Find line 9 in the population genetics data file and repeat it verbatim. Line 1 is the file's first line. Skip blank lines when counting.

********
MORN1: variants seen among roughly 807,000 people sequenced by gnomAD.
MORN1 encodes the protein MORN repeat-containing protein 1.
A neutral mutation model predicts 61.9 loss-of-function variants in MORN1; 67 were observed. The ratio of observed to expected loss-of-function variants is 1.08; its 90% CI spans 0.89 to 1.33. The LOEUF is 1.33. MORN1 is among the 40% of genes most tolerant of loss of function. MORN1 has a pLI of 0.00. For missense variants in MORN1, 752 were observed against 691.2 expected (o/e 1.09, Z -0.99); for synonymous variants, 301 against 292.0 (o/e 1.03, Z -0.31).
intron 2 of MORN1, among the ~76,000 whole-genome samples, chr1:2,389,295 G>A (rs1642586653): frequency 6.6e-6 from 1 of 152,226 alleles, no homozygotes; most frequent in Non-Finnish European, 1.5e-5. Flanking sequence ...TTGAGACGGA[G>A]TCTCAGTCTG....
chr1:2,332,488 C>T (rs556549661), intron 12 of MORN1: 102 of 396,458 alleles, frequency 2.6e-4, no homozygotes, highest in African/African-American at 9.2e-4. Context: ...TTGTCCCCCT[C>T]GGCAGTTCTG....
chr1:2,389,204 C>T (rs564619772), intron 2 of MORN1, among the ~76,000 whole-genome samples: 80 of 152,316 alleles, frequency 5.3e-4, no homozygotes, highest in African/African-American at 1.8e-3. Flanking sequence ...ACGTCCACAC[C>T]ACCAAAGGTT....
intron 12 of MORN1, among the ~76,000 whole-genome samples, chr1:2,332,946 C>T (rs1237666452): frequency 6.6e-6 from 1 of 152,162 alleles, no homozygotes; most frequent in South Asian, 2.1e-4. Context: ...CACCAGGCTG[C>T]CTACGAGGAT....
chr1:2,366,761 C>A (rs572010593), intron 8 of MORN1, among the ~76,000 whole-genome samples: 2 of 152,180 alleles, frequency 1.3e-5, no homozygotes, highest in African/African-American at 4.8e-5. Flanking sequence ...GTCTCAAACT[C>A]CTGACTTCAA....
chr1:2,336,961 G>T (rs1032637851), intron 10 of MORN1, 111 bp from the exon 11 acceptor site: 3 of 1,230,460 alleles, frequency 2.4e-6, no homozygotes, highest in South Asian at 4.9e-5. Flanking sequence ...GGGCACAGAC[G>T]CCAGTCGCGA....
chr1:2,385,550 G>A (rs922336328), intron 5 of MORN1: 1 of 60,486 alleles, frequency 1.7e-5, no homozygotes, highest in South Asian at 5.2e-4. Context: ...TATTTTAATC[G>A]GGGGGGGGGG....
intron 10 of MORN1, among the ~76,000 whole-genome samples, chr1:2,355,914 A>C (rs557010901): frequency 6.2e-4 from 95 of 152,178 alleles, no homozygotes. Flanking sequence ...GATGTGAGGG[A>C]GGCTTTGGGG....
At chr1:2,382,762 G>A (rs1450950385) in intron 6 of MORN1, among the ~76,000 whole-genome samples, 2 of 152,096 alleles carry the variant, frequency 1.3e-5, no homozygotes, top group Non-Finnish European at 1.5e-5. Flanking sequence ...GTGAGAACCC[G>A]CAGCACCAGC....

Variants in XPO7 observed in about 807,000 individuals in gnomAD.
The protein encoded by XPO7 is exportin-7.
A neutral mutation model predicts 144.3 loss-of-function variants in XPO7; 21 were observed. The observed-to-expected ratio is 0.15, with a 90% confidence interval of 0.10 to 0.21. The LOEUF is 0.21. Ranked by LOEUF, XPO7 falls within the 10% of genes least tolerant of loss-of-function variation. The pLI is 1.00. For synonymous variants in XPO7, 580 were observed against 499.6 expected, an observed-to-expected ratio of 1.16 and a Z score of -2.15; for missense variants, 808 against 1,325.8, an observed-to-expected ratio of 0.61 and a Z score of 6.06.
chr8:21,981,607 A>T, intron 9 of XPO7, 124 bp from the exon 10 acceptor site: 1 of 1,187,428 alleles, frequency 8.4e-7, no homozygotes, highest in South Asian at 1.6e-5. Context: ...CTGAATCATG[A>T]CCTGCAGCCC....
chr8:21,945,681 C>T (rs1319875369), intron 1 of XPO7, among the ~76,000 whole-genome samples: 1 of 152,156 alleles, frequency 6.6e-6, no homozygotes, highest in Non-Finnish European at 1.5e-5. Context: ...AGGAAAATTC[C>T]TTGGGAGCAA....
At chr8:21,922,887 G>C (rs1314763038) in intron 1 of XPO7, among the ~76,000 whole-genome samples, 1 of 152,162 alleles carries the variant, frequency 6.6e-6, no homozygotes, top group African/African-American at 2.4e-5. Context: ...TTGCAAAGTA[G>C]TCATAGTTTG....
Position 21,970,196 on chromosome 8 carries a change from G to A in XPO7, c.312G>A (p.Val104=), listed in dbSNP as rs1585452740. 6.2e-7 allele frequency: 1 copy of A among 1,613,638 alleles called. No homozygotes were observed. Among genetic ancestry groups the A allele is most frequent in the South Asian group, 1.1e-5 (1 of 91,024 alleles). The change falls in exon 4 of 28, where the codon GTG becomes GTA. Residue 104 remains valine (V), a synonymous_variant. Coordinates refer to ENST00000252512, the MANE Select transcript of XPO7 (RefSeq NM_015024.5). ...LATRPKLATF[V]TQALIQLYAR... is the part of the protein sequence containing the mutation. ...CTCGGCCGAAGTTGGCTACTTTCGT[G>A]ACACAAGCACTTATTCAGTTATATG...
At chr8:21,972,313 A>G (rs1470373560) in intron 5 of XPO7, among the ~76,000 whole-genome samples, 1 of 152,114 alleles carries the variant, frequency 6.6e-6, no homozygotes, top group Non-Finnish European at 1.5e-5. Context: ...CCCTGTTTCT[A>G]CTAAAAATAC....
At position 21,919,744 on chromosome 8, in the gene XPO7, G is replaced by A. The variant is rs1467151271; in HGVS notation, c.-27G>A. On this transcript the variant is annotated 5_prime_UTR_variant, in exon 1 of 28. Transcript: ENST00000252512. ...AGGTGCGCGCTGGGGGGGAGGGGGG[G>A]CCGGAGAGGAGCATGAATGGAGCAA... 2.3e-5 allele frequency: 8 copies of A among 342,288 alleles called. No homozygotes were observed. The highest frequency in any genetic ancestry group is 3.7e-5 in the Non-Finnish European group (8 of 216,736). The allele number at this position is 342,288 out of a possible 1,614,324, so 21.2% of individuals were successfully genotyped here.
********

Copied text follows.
chr1:2,336,961 G>T (rs1032637851), intron 10 of MORN1, 111 bp from the exon 11 acceptor site: 3 of 1,230,460 alleles, frequency 2.4e-6, no homozygotes, highest in South Asian at 4.9e-5. Flanking sequence ...GGGCACAGAC[G>T]CCAGTCGCGA....